Cover Image

Not for Sale



View/Hide Left Panel
Click for next page ( 45


The National Academies | 500 Fifth St. N.W. | Washington, D.C. 20001
Copyright © National Academy of Sciences. All rights reserved.
Terms of Use and Privacy Statement



Below are the first 10 and last 10 pages of uncorrected machine-read text (when available) of this chapter, followed by the top 30 algorithmically extracted key phrases from the chapter as a whole.
Intended to provide our own search engines and external engines with highly rich, chapter-representative searchable text on the opening pages of each chapter. Because it is UNCORRECTED material, please consider the following text as a useful but insufficient proxy for the authoritative book pages.

Do not use for reproduction, copying, pasting, or reading; exclusively for search engines.

OCR for page 44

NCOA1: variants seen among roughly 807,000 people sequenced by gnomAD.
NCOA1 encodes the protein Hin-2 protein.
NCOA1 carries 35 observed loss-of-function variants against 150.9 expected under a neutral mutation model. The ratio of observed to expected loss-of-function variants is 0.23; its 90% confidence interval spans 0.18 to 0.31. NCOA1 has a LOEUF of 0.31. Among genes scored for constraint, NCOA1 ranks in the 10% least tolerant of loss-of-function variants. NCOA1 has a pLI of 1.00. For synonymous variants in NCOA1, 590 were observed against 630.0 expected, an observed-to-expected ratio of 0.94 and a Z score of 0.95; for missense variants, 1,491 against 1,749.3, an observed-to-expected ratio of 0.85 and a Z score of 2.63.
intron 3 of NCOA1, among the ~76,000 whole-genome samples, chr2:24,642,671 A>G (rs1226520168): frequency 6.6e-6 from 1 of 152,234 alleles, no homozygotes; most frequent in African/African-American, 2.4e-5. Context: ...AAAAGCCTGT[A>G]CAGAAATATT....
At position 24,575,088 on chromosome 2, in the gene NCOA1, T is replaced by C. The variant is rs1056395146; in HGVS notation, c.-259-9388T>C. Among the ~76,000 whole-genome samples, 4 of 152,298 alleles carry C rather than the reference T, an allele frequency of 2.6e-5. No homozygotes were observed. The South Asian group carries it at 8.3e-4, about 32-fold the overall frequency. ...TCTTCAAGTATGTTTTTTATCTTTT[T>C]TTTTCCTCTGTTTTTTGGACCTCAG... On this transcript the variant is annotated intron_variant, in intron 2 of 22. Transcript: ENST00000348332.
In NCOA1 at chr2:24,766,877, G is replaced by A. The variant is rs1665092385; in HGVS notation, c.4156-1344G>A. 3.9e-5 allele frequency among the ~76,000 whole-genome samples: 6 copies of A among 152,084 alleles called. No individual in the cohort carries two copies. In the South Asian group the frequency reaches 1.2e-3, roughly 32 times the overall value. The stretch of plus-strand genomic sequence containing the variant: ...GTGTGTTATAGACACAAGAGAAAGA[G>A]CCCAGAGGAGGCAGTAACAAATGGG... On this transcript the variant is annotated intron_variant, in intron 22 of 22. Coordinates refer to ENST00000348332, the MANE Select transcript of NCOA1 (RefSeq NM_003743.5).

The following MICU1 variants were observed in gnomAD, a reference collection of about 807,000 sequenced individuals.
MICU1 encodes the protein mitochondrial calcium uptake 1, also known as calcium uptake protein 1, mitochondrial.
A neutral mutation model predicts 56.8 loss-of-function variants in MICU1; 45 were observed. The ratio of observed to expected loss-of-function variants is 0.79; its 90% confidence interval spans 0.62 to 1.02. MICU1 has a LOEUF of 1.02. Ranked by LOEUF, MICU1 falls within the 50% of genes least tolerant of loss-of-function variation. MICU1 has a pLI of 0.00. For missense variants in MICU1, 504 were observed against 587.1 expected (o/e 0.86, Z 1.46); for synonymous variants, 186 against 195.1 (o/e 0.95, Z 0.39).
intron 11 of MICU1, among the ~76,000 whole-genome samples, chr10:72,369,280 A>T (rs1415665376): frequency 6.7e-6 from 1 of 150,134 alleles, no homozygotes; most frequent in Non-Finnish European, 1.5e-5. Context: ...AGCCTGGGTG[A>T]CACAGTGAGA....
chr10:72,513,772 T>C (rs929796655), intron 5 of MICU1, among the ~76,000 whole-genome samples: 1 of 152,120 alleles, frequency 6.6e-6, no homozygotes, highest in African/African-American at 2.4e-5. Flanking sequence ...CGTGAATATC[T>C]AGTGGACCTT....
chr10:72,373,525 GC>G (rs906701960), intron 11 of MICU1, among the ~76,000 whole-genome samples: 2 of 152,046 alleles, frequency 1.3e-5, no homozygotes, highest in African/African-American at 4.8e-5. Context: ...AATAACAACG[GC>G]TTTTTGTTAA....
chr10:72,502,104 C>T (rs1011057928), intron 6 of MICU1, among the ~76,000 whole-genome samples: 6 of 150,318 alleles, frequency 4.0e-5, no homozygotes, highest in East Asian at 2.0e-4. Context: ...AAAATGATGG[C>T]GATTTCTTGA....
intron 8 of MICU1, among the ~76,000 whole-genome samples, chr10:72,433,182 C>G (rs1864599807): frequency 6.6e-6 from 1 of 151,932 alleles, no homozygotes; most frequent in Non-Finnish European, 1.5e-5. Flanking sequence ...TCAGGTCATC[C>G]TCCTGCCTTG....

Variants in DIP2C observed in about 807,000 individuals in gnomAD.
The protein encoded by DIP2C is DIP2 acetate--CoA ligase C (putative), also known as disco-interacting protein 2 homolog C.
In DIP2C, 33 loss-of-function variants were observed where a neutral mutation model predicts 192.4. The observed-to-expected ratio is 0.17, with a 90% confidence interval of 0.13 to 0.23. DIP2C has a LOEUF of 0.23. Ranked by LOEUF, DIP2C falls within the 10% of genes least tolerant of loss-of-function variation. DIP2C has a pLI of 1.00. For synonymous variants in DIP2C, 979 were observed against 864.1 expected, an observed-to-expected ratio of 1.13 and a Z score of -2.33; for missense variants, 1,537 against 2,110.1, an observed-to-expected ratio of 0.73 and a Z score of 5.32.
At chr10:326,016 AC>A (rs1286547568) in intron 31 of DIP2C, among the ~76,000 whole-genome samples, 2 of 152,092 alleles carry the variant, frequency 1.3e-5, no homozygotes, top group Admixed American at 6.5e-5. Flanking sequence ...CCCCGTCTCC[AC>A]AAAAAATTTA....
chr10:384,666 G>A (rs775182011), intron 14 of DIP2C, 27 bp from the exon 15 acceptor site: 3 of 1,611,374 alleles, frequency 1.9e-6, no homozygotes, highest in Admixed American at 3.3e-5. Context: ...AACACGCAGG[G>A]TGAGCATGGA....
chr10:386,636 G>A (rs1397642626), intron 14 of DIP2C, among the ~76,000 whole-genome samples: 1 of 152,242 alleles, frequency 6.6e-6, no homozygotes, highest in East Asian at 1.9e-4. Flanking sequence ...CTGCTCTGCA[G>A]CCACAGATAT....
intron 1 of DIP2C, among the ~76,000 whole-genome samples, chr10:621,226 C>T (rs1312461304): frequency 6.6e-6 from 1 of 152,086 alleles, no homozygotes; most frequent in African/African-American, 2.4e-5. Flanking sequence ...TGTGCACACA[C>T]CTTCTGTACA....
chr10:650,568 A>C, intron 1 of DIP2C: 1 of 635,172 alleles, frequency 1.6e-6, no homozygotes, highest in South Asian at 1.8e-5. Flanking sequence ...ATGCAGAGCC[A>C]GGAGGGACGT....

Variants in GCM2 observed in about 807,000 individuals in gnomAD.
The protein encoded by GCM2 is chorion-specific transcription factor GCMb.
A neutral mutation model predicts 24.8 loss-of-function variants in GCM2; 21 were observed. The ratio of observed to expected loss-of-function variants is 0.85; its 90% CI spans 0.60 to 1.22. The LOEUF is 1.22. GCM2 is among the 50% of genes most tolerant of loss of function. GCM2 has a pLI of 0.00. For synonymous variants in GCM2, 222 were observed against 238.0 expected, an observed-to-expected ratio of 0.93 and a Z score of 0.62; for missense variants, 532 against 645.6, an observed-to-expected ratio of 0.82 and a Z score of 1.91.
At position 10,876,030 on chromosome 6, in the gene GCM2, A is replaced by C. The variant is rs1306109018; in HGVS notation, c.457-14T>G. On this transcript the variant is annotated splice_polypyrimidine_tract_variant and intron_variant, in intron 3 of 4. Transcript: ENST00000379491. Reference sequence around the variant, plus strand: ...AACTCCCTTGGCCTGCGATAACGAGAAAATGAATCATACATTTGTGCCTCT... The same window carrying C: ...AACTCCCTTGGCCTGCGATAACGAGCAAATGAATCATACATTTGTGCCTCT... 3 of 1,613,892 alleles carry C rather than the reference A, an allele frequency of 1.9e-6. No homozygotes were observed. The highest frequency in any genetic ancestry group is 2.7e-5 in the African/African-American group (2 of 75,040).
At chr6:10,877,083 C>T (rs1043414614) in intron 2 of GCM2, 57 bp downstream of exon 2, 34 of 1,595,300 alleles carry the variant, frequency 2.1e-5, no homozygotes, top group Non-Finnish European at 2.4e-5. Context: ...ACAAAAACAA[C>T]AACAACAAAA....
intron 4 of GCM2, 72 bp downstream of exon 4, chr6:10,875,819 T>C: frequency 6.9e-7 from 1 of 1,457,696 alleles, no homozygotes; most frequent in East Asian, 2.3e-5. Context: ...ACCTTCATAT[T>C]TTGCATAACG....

44 The test sets were then sorted to separate those that the with the operational significance of these differences. A t-test indicated were from the same population, from those secondary analysis was also completed that examines the that were from different populations. For tests that were between-site differences using the conditions that are stip- determined to be from the same population, we can consider ulated in the CARs exemption; that any difference between the two sites is a random event Examination of Site Separation Distance. This section ex- due to sampling, and can assume there is no real difference amines the relationship of site separation distance and the between sites. extent of HOT differences due to these distances; For tests that were from different populations, the differ- Examination of Lake-effect Snowfall on HOT Differences. ence in mean holdover times was then calculated as a percent- This section examines the impact of lake-effect snow; age of the lower of the two values. These values, as well as the Comparison of HOTDS Results to Current Operational absolute difference in holdover times, were then examined Practices. This section provides a comparison of the HOTDS for significance from an operational perspective and for any results to example cases of information that pilots might de- dependency on distance between sites. rive from the use of current operational practices which use METAR reports or the FAA/TC visibility tables to estimate HOTs; and Secondary Analysis Methodology HOTDS Implementation Strategy and Timeline. This sec- to Account for CARs Exemption tion describes possible implementation strategies. An exemption from Canadian Aviation Regulations (CARs) (1) pertaining to ground deicing operations has been granted Between-Site Differences in HOT to a Canadian carrier for the purpose of permitting operational use of HOTs generated by a HOTDS. This exemption is sub- Based on the previously described data analysis methodol- ject to a number of conditions, some of which affect the calcu- ogy, potential differences in HOTs were determined for spe- lation of holdover times. Those conditions are: cific fluids from the consolidated data collected over the two test seasons. a) Holdover times shall be calculated on the basis of mea- This analysis was conducted to determine the effect that sured precipitation rates, increased by certain tolerances: any real difference in precipitation rate between the two sites From 0 to 10 g/dm2/h: + 3.0 g/dm2/h; would have on fluid HOTs. The initial treatment of the data Above 10 to 25 g/dm /h: 2 + 6.0 g/dm2/h; and thus required calculation of precipitation rates, followed by Above 25 g/dm2/h: + 14.0 g/dm2/h. calculation of fluid HOTs for a variety of fluids. b) The precipitation rate input for the purpose of computing The calculated HOTs for each precipitation data point fluid holdover times shall not be less than 2.0 g/dm2/h. were examined statistically to determine which test sets had c) Holdover time determinations shall be inhibited in snow differences that could not be attributed to random effects and conditions exceeding 50 g/dm2/h. the extent of difference in HOTs generated for each of the two d) Holdover time determinations in snow for Type II and IV sites. The analysis produced a table of results for each fluid; as de/anti-icing fluids shall be capped at 120 minutes. an example, the table for Octagon MaxFlo 100/0 is presented in Table 27. A secondary analysis was conducted wherein the mea- This fluid provides a good example of the extent of differ- sured data was adjusted according to these conditions. The ence in holdover times based on data collected at two sepa- statistical analysis then proceeded as described for the base rate sites. Similar charts for all fluids examined are included case. in Appendix C. This process caused a further number of test sets to be ex- Columns 1 through 4 show the test set number, the dis- cluded from analysis when their actual precipitation rate was tance between sites, the outside air temperature (OAT) at less than 2.0 g/dm2/h or their augmented precipitation rate which the test was conducted, and the average precipitation value exceeded 50 g/dm2/h. rate in snow based on all rate measurements from both sites. Columns 5 and 6 show the mean fluid HOTs for each site, Findings and Applications calculated for Octagon MaxFlo at 100/0 strength; Column 7 The findings and applications of the work completed for shows the calculated difference between Columns 5 and 6; the HOT variance across an airfield task are presented in this Column 8 is the percentage difference between Columns 5 section. They are presented as follows: and 6, based on the lower of the two values; and Columns 9 and 10 show the number and percentage of test sets grouped Between-site Differences in HOT. This section provides a by various parameters for between-site differences. For this summary of the between-site differences in HOTs along fluid, this grouping shows: